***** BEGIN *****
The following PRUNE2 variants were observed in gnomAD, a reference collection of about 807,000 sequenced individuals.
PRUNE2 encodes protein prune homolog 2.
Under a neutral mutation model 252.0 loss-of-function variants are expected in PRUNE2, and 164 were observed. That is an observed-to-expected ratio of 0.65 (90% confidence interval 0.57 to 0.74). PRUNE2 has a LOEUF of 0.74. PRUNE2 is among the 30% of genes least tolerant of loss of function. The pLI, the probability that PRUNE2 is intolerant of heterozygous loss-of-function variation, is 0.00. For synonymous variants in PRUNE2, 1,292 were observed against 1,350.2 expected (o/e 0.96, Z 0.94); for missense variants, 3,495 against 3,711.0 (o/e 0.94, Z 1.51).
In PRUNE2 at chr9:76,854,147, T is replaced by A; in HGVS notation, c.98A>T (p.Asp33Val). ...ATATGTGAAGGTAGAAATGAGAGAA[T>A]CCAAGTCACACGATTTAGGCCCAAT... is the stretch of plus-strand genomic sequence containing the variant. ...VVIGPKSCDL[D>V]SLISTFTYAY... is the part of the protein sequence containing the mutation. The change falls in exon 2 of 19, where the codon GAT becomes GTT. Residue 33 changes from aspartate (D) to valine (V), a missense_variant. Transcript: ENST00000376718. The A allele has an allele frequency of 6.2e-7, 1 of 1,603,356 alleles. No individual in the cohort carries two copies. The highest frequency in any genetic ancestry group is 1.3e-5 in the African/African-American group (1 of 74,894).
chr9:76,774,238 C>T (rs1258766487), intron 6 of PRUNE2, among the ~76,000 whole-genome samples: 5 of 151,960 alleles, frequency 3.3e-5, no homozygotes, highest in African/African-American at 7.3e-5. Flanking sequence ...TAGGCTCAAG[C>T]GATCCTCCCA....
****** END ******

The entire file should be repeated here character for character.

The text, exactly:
The following PRUNE2 variants were observed in gnomAD, a reference collection of about 807,000 sequenced individuals.
PRUNE2 encodes protein prune homolog 2.
Under a neutral mutation model 252.0 loss-of-function variants are expected in PRUNE2, and 164 were observed. That is an observed-to-expected ratio of 0.65 (90% confidence interval 0.57 to 0.74). PRUNE2 has a LOEUF of 0.74. PRUNE2 is among the 30% of genes least tolerant of loss of function. The pLI, the probability that PRUNE2 is intolerant of heterozygous loss-of-function variation, is 0.00. For synonymous variants in PRUNE2, 1,292 were observed against 1,350.2 expected (o/e 0.96, Z 0.94); for missense variants, 3,495 against 3,711.0 (o/e 0.94, Z 1.51).
In PRUNE2 at chr9:76,854,147, T is replaced by A; in HGVS notation, c.98A>T (p.Asp33Val). ...ATATGTGAAGGTAGAAATGAGAGAA[T>A]CCAAGTCACACGATTTAGGCCCAAT... is the stretch of plus-strand genomic sequence containing the variant. ...VVIGPKSCDL[D>V]SLISTFTYAY... is the part of the protein sequence containing the mutation. The change falls in exon 2 of 19, where the codon GAT becomes GTT. Residue 33 changes from aspartate (D) to valine (V), a missense_variant. Transcript: ENST00000376718. The A allele has an allele frequency of 6.2e-7, 1 of 1,603,356 alleles. No individual in the cohort carries two copies. The highest frequency in any genetic ancestry group is 1.3e-5 in the African/African-American group (1 of 74,894).
chr9:76,774,238 C>T (rs1258766487), intron 6 of PRUNE2, among the ~76,000 whole-genome samples: 5 of 151,960 alleles, frequency 3.3e-5, no homozygotes, highest in African/African-American at 7.3e-5. Flanking sequence ...TAGGCTCAAG[C>T]GATCCTCCCA....